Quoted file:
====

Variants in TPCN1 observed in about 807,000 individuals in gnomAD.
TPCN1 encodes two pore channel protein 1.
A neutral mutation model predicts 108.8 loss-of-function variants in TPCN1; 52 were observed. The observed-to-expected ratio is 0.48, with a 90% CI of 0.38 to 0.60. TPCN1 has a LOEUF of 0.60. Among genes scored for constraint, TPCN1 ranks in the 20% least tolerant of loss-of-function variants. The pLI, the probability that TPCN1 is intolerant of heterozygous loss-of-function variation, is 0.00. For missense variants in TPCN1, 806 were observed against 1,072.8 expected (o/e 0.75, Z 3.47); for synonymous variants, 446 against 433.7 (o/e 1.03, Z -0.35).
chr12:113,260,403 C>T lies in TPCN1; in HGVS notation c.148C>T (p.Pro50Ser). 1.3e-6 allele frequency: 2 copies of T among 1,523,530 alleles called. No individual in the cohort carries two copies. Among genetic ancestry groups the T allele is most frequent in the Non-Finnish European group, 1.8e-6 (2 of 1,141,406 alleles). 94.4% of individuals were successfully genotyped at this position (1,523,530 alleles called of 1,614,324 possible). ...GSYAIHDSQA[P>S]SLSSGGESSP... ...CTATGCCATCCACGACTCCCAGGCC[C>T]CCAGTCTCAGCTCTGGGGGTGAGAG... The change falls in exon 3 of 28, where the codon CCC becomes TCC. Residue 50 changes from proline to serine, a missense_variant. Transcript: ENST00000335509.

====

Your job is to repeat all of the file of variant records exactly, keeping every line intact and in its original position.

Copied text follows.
Variants in TPCN1 observed in about 807,000 individuals in gnomAD.
TPCN1 encodes two pore channel protein 1.
A neutral mutation model predicts 108.8 loss-of-function variants in TPCN1; 52 were observed. The observed-to-expected ratio is 0.48, with a 90% CI of 0.38 to 0.60. TPCN1 has a LOEUF of 0.60. Among genes scored for constraint, TPCN1 ranks in the 20% least tolerant of loss-of-function variants. The pLI, the probability that TPCN1 is intolerant of heterozygous loss-of-function variation, is 0.00. For missense variants in TPCN1, 806 were observed against 1,072.8 expected (o/e 0.75, Z 3.47); for synonymous variants, 446 against 433.7 (o/e 1.03, Z -0.35).
chr12:113,260,403 C>T lies in TPCN1; in HGVS notation c.148C>T (p.Pro50Ser). 1.3e-6 allele frequency: 2 copies of T among 1,523,530 alleles called. No individual in the cohort carries two copies. Among genetic ancestry groups the T allele is most frequent in the Non-Finnish European group, 1.8e-6 (2 of 1,141,406 alleles). 94.4% of individuals were successfully genotyped at this position (1,523,530 alleles called of 1,614,324 possible). ...GSYAIHDSQA[P>S]SLSSGGESSP... ...CTATGCCATCCACGACTCCCAGGCC[C>T]CCAGTCTCAGCTCTGGGGGTGAGAG... The change falls in exon 3 of 28, where the codon CCC becomes TCC. Residue 50 changes from proline to serine, a missense_variant. Transcript: ENST00000335509.